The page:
20/09/2014 § 3 Comments
We have, on many occasions, stayed at the Nantbrenni Farmhouse in Rhydlewis for bed and breakfast. It’s always wonderful to return and this time we stayed in the Old House Cottage – a self-contained 3 bedroom cottage off the old farmyard. The weather was gorgeous and we breakfasted on the sun terrace overlooking the Ceri Valley every morning. The cottage was beautiful, comfortable and cosy. I enjoyed early morning walks around the ponds with the girls whilst watching Red Kites swirling overhead. We walked the girls on local beaches and enjoyed some great times with Dad and village friends.
I love old farm buildings. The refurbished cottage and newly converted Stable Cottage are amazing, beautiful stone built buildings, open right up to the beams – light and airy. The farmyard also has many original buildings with those traditional carvings and good luck symbols left by previous generations:
Did you know that you can tell exactly which hoof a horseshoe was worn on? Hind shoes are more oval than the rounded front shoes. If you lay the shoe flat, with the toe clip uppermost, there are usually more nail holes on one side of the shoe and that’s the outer edge – so, it’s easy to identify the precise hoof – front or hind :: off or nearside. I love old horseshoes on stable doors. I have horseshoes tucked all around our home, from the horses that I’ve owned over the years – Prince, Cinderella and Storm.
So now we’re back ‘home’ where we enjoyed a quacky welcome from Flora Puddleduck and as ever, I’m feeling a little homesick about leaving Wales. It takes me a few days to settle down again into my daily routine – quilting, dog walking, cooking – so today I started with mooch around the garden and some yarn-winding:
I couldn’t resist this Shetland wool, from the farmer who keeps the sheep! That’s just the best thing about country markets – meeting the people who make/grow/spin the products. Yarn winding was an easy early morning job, to ease me back into being at home whilst remembering our jaunt. I’m not sure what to make – the yarn is described as ‘light aran weight’ but I reckon it’ll end up as a huge and very warm shawl/scarf to keep me snug at the Christmas Market at Winchester Cathedral in November/December.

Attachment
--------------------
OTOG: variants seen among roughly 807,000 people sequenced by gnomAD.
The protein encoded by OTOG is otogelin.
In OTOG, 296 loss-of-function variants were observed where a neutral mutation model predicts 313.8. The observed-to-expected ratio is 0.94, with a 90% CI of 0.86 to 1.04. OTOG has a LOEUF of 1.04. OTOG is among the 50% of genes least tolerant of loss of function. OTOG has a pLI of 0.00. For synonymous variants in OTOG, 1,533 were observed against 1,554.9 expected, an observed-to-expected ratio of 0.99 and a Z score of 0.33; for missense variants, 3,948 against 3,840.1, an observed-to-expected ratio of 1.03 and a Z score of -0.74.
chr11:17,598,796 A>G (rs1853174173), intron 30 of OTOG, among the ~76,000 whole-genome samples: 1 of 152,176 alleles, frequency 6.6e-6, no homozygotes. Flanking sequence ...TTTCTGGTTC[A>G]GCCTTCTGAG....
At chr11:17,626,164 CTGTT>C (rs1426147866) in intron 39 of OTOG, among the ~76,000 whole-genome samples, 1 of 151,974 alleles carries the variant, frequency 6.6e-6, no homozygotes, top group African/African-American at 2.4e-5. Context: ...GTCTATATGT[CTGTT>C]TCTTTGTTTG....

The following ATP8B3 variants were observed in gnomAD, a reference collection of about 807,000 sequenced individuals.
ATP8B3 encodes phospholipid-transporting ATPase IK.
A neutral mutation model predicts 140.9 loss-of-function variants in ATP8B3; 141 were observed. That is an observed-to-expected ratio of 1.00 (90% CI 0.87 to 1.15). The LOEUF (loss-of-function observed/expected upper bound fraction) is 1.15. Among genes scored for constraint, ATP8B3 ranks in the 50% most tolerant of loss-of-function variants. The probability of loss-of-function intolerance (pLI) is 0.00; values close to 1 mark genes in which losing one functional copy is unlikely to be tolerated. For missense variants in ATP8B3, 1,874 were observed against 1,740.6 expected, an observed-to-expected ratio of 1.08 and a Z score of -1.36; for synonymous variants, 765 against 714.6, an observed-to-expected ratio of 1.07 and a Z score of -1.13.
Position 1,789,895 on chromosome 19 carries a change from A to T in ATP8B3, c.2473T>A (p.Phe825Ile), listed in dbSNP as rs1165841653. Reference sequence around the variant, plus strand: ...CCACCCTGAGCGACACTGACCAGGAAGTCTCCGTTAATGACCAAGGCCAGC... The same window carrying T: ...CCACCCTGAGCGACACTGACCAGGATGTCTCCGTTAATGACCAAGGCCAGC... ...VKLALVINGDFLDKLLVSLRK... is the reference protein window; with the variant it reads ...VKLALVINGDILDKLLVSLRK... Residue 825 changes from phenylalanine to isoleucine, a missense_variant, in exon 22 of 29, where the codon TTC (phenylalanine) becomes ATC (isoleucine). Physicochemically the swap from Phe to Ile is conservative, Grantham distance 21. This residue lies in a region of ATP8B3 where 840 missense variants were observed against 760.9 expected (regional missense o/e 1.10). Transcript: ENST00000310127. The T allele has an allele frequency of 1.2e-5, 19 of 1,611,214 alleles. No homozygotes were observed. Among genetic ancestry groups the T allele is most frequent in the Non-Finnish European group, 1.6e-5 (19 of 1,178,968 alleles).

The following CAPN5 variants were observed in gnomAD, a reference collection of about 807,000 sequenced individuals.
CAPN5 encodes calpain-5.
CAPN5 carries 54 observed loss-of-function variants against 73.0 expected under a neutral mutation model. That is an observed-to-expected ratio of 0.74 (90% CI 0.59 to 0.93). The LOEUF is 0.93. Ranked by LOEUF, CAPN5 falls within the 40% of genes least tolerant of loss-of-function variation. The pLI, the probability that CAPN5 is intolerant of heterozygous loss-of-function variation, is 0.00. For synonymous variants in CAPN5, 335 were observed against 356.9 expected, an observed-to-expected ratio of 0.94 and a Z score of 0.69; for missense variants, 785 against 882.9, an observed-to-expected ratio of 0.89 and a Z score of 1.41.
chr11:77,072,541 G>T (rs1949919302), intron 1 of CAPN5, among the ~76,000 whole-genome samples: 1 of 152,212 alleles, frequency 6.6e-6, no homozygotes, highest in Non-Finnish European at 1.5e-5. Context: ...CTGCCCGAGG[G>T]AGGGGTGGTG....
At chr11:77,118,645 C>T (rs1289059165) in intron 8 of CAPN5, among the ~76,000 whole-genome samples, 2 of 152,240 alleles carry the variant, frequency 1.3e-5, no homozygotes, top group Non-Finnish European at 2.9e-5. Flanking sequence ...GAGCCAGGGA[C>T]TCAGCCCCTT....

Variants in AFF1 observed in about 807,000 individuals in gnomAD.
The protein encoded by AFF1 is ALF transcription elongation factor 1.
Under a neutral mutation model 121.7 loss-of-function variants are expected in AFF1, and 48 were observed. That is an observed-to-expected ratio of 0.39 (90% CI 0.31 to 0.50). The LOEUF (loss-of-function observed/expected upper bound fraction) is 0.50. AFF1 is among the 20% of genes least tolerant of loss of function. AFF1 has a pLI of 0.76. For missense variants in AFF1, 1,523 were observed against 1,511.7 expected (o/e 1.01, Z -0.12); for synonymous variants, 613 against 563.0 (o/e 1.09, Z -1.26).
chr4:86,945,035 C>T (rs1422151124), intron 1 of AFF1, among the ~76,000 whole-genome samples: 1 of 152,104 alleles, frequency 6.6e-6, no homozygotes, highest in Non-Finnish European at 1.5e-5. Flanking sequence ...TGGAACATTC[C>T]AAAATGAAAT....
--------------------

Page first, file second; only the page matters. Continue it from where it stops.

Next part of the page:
The garden is still blooming though I’ve long since given up trying to keep up with the weeds. They’re all dying back now anyway so I’ll just mooch and enjoy some late summer blooms:
I hope you’ve had a lovely week too. I picked some sloes when we walked the dogs earlier, so I’d had better wash some jars and start my favourite Spiced Sloe and Apple Jelly. Enjoy your weekend.
27/02/2012 § Leave a comment
Y Cei in Cardigan town …
“The quay was historically a point of departure and return and, as such, is a site of contradictory emotions. For those leaving or returning, and those bidding farewell or welcoming loved ones home, it is a place of beginnings and endings, of sunset and sunrise; it can be as bitter as brine or as comforting as a breeze.” In Welsh, the words appear along the quayside wall.
It was difficult to tear myself away from Ceredigion this weekend.
From the lovespoons and window preparations for our national saint’s day on Thursday – Dydd Dewi Sant; to the otter guarding the lower castle wall and quay in Cardigan; from the mists across the valley at sunrise and winter trees; to the ancient streets and farmhouses – yes, indeed, it was hard for me to leave.